KNOXVILLE, Tenn — Combat veteran Fred Mize never considered taking his own life, he just hoped God would end it all.
“I never had suicidal thoughts, but I prayed to God several times in my life to just take me,” said the 20- year Army National Guard veteran.
A deployment during the war in Iraq back in 2004 left the now 42-year old soldier with trauma that haunted him for more than a decade.
“It doesn’t only effect you as a soldier, it effects your whole family and those around you,” said Mize.
After trying therapy, journaling, and prayer, the combat engineer eventually sought counseling through the military services arm of the Helen Ross McNabb Center.
“I just got to where I didn’t feel I could handle the stresses of the PTSD (post-traumatic stress disorder) any longer on my own and I needed more help,” said Mize.
He found that help through a program the Knoxville based non-profit launched back in 2016. It employs a team of counselors, who are also military veterans, to connect with fellow veterans and their families in need of mental health services. They welcome all clients and don’t charge for treatment.
“The therapists, we each served and we know the culture, we know the language, we’re part of the family,” said Tony Weaver who is an Army veteran and as a counselor, has treated a wide range of clients from teenagers with a parent serving in the military, to a veteran of the war Korea in his early eighties.
“I’m very proud of the work because I see it on a regular basis folks coming in who need help and need help fast. And I see them leaving after treatment, months, sometimes weeks but they are changed individuals,” said Weaver who says the counseling program framework calls for a six month commitment of one or two 50 minute sessions a week. Some clients need more, some less time to reach the ultimate goal.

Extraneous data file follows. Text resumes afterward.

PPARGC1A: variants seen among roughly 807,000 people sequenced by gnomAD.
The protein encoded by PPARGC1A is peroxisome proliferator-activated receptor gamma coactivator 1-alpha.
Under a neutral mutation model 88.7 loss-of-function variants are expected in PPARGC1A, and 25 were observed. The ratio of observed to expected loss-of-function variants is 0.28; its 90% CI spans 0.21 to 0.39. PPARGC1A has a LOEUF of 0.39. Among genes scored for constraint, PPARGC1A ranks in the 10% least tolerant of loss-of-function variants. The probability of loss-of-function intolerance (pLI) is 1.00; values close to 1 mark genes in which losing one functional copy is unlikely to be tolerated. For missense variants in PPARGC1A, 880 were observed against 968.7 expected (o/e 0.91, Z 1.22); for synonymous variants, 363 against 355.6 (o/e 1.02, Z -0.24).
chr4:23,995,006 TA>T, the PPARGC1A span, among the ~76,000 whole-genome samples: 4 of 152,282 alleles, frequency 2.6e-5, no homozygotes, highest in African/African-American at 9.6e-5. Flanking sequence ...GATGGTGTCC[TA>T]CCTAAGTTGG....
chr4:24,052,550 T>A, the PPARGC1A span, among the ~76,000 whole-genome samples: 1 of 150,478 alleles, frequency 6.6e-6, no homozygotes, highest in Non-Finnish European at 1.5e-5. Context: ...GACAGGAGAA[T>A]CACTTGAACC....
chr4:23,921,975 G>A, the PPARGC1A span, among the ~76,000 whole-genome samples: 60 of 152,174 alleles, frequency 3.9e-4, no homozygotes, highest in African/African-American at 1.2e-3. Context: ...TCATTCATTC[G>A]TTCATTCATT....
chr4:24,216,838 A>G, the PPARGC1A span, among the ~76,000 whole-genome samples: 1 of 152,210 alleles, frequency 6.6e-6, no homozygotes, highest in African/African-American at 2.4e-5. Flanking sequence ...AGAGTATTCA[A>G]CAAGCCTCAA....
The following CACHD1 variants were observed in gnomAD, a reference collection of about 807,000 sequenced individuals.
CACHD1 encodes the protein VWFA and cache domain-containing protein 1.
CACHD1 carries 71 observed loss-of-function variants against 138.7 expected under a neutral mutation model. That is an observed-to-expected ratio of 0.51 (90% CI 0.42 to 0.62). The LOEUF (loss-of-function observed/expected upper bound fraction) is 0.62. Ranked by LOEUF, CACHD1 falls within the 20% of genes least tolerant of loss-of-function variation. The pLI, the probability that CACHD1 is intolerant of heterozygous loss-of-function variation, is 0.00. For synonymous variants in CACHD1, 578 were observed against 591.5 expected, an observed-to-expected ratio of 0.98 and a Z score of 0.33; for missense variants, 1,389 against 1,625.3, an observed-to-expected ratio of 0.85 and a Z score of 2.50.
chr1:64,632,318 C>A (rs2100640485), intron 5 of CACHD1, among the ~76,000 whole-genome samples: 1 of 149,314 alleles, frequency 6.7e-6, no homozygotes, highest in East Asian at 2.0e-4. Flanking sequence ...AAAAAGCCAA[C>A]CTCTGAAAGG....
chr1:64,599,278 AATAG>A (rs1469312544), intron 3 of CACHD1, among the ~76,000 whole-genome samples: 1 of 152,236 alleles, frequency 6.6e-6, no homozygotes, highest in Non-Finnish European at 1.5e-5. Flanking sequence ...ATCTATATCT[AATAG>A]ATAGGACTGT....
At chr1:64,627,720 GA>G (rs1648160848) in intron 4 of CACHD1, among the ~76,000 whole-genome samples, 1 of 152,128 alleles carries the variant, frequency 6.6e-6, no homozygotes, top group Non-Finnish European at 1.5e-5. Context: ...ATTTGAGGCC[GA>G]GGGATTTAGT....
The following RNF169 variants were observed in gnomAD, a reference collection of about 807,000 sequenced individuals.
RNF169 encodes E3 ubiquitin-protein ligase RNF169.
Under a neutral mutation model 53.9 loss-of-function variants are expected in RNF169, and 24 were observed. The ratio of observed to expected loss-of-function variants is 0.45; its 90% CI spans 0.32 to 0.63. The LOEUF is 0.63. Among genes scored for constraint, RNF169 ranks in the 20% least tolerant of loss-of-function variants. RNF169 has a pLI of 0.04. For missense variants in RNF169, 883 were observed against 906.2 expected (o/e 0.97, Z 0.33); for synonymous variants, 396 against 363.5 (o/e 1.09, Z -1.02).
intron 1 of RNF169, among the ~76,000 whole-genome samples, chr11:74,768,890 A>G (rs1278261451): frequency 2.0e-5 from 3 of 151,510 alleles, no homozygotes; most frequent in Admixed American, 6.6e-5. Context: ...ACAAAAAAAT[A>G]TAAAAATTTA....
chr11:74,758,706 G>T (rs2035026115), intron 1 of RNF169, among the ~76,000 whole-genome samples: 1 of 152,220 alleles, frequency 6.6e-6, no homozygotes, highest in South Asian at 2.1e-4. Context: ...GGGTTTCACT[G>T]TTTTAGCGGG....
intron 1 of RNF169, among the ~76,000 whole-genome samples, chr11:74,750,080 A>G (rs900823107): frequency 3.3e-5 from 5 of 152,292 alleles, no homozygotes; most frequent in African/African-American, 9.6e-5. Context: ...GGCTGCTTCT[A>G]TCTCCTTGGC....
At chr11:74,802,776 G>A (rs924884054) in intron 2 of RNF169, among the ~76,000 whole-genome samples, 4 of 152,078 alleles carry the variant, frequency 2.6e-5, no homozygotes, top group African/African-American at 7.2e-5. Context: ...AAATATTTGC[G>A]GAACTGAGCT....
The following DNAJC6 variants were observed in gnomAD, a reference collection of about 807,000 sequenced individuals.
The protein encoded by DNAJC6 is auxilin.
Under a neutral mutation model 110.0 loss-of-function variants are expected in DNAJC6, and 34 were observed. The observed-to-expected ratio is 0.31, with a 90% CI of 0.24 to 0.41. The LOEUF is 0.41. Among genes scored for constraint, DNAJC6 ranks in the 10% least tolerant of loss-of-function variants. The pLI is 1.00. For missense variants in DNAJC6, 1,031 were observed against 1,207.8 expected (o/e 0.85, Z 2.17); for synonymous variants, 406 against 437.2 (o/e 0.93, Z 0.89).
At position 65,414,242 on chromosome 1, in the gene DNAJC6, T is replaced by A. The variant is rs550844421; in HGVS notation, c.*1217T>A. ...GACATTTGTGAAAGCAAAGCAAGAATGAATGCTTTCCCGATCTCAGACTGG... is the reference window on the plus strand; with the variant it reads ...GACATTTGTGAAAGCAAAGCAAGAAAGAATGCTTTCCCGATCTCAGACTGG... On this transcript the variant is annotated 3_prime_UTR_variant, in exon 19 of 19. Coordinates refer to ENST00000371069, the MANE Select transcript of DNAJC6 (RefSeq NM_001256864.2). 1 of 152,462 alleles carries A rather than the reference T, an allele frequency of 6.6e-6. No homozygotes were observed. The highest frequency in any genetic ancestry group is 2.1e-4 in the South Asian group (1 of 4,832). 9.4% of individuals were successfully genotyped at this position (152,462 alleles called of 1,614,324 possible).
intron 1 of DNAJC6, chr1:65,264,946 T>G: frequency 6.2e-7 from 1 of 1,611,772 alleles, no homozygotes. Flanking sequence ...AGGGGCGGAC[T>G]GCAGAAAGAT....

“Getting them to the place where they feel more comfortable and getting them back into being a productive person in the society,” said Weaver from his quiet office surrounded by military coins and patches given to him by veterans grateful for his help navigating their mental health challenges.
In the last four years, three military veteran counselors on staff have helped treat more than 400 veterans and their families.
“Tony is a fellow veteran, and U.S. Army veteran, so he completely understands the way soldiers live, the things we face every day. And also, he understands and appreciates the struggle soldiers go through living the military life plus a family life at the same time,” explained Mize who said the therapy has allowed him to, “Now…really enjoy life, instead of just existing in life.”